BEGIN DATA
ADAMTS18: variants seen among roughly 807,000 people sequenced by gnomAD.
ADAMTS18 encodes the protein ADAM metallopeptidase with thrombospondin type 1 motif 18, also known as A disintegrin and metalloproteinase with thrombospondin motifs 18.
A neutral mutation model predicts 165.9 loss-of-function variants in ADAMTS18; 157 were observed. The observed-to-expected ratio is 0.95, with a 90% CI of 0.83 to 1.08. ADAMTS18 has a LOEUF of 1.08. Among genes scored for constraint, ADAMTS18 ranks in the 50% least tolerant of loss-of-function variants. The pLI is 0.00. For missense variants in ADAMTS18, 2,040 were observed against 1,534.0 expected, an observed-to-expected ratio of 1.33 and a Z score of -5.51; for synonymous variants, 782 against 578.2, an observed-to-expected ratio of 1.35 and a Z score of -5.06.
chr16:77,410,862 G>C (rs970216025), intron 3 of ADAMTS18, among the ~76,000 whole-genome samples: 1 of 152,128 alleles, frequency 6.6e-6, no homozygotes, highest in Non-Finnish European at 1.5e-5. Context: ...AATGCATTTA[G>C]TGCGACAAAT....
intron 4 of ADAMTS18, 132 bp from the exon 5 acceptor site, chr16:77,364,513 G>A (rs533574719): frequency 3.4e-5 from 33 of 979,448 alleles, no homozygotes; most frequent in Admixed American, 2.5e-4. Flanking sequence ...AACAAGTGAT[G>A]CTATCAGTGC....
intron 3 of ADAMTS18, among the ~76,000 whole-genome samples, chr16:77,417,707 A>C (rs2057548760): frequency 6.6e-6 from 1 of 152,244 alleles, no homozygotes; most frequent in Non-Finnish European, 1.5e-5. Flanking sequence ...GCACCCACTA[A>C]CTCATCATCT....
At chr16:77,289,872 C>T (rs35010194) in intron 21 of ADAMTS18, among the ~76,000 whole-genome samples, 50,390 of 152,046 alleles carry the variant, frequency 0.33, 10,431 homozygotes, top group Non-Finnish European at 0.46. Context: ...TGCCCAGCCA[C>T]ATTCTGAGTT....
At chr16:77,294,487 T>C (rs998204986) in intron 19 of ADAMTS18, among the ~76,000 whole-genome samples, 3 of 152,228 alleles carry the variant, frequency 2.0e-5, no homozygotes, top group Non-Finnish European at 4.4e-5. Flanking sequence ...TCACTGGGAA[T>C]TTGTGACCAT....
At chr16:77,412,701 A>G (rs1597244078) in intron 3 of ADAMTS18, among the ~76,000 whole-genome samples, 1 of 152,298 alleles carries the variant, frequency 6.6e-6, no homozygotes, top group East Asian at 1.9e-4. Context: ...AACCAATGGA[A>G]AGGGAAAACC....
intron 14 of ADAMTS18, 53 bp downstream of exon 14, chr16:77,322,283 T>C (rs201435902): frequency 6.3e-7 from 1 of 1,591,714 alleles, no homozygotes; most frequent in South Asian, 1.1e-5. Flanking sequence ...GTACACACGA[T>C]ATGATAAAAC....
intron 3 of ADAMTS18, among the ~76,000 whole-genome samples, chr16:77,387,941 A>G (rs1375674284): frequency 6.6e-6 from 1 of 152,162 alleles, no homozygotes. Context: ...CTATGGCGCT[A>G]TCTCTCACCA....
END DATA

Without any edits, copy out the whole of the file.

ADAMTS18: variants seen among roughly 807,000 people sequenced by gnomAD.
ADAMTS18 encodes the protein ADAM metallopeptidase with thrombospondin type 1 motif 18, also known as A disintegrin and metalloproteinase with thrombospondin motifs 18.
A neutral mutation model predicts 165.9 loss-of-function variants in ADAMTS18; 157 were observed. The observed-to-expected ratio is 0.95, with a 90% CI of 0.83 to 1.08. ADAMTS18 has a LOEUF of 1.08. Among genes scored for constraint, ADAMTS18 ranks in the 50% least tolerant of loss-of-function variants. The pLI is 0.00. For missense variants in ADAMTS18, 2,040 were observed against 1,534.0 expected, an observed-to-expected ratio of 1.33 and a Z score of -5.51; for synonymous variants, 782 against 578.2, an observed-to-expected ratio of 1.35 and a Z score of -5.06.
chr16:77,410,862 G>C (rs970216025), intron 3 of ADAMTS18, among the ~76,000 whole-genome samples: 1 of 152,128 alleles, frequency 6.6e-6, no homozygotes, highest in Non-Finnish European at 1.5e-5. Context: ...AATGCATTTA[G>C]TGCGACAAAT....
intron 4 of ADAMTS18, 132 bp from the exon 5 acceptor site, chr16:77,364,513 G>A (rs533574719): frequency 3.4e-5 from 33 of 979,448 alleles, no homozygotes; most frequent in Admixed American, 2.5e-4. Flanking sequence ...AACAAGTGAT[G>A]CTATCAGTGC....
intron 3 of ADAMTS18, among the ~76,000 whole-genome samples, chr16:77,417,707 A>C (rs2057548760): frequency 6.6e-6 from 1 of 152,244 alleles, no homozygotes; most frequent in Non-Finnish European, 1.5e-5. Flanking sequence ...GCACCCACTA[A>C]CTCATCATCT....
At chr16:77,289,872 C>T (rs35010194) in intron 21 of ADAMTS18, among the ~76,000 whole-genome samples, 50,390 of 152,046 alleles carry the variant, frequency 0.33, 10,431 homozygotes, top group Non-Finnish European at 0.46. Context: ...TGCCCAGCCA[C>T]ATTCTGAGTT....
At chr16:77,294,487 T>C (rs998204986) in intron 19 of ADAMTS18, among the ~76,000 whole-genome samples, 3 of 152,228 alleles carry the variant, frequency 2.0e-5, no homozygotes, top group Non-Finnish European at 4.4e-5. Flanking sequence ...TCACTGGGAA[T>C]TTGTGACCAT....
At chr16:77,412,701 A>G (rs1597244078) in intron 3 of ADAMTS18, among the ~76,000 whole-genome samples, 1 of 152,298 alleles carries the variant, frequency 6.6e-6, no homozygotes, top group East Asian at 1.9e-4. Context: ...AACCAATGGA[A>G]AGGGAAAACC....
intron 14 of ADAMTS18, 53 bp downstream of exon 14, chr16:77,322,283 T>C (rs201435902): frequency 6.3e-7 from 1 of 1,591,714 alleles, no homozygotes; most frequent in South Asian, 1.1e-5. Flanking sequence ...GTACACACGA[T>C]ATGATAAAAC....
intron 3 of ADAMTS18, among the ~76,000 whole-genome samples, chr16:77,387,941 A>G (rs1375674284): frequency 6.6e-6 from 1 of 152,162 alleles, no homozygotes. Context: ...CTATGGCGCT[A>G]TCTCTCACCA....